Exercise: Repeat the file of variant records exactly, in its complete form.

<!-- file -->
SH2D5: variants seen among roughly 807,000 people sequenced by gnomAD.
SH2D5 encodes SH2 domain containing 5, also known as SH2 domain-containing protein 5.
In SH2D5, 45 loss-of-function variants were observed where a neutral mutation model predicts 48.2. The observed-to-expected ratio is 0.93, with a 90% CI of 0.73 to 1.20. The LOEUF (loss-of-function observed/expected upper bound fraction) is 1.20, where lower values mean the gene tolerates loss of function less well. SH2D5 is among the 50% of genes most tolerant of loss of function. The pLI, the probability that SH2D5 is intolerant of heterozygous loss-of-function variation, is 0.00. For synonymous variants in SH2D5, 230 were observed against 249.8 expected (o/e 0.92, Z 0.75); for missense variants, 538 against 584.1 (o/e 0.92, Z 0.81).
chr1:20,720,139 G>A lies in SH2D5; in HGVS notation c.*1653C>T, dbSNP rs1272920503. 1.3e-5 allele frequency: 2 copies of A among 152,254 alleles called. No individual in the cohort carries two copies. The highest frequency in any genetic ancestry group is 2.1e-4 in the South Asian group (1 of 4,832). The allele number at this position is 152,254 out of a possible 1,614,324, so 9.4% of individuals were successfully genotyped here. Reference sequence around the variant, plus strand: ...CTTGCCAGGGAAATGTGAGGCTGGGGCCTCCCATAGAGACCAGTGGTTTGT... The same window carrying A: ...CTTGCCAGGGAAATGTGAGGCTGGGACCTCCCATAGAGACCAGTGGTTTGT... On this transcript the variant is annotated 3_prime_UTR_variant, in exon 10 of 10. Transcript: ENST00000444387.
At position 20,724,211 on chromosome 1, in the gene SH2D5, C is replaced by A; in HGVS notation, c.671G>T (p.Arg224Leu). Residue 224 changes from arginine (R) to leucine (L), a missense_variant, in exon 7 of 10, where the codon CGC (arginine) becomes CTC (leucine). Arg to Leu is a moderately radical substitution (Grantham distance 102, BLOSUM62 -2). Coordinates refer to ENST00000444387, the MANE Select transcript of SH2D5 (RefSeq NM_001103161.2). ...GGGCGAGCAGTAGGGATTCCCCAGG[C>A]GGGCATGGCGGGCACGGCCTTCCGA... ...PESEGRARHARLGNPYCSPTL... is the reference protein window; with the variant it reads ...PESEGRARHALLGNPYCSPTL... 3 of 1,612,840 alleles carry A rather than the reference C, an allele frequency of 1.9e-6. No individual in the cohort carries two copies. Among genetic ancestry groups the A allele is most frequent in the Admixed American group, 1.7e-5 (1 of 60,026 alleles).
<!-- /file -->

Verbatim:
SH2D5: variants seen among roughly 807,000 people sequenced by gnomAD.
SH2D5 encodes SH2 domain containing 5, also known as SH2 domain-containing protein 5.
In SH2D5, 45 loss-of-function variants were observed where a neutral mutation model predicts 48.2. The observed-to-expected ratio is 0.93, with a 90% CI of 0.73 to 1.20. The LOEUF (loss-of-function observed/expected upper bound fraction) is 1.20, where lower values mean the gene tolerates loss of function less well. SH2D5 is among the 50% of genes most tolerant of loss of function. The pLI, the probability that SH2D5 is intolerant of heterozygous loss-of-function variation, is 0.00. For synonymous variants in SH2D5, 230 were observed against 249.8 expected (o/e 0.92, Z 0.75); for missense variants, 538 against 584.1 (o/e 0.92, Z 0.81).
chr1:20,720,139 G>A lies in SH2D5; in HGVS notation c.*1653C>T, dbSNP rs1272920503. 1.3e-5 allele frequency: 2 copies of A among 152,254 alleles called. No individual in the cohort carries two copies. The highest frequency in any genetic ancestry group is 2.1e-4 in the South Asian group (1 of 4,832). The allele number at this position is 152,254 out of a possible 1,614,324, so 9.4% of individuals were successfully genotyped here. Reference sequence around the variant, plus strand: ...CTTGCCAGGGAAATGTGAGGCTGGGGCCTCCCATAGAGACCAGTGGTTTGT... The same window carrying A: ...CTTGCCAGGGAAATGTGAGGCTGGGACCTCCCATAGAGACCAGTGGTTTGT... On this transcript the variant is annotated 3_prime_UTR_variant, in exon 10 of 10. Transcript: ENST00000444387.
At position 20,724,211 on chromosome 1, in the gene SH2D5, C is replaced by A; in HGVS notation, c.671G>T (p.Arg224Leu). Residue 224 changes from arginine (R) to leucine (L), a missense_variant, in exon 7 of 10, where the codon CGC (arginine) becomes CTC (leucine). Arg to Leu is a moderately radical substitution (Grantham distance 102, BLOSUM62 -2). Coordinates refer to ENST00000444387, the MANE Select transcript of SH2D5 (RefSeq NM_001103161.2). ...GGGCGAGCAGTAGGGATTCCCCAGG[C>A]GGGCATGGCGGGCACGGCCTTCCGA... ...PESEGRARHARLGNPYCSPTL... is the reference protein window; with the variant it reads ...PESEGRARHALLGNPYCSPTL... 3 of 1,612,840 alleles carry A rather than the reference C, an allele frequency of 1.9e-6. No individual in the cohort carries two copies. Among genetic ancestry groups the A allele is most frequent in the Admixed American group, 1.7e-5 (1 of 60,026 alleles).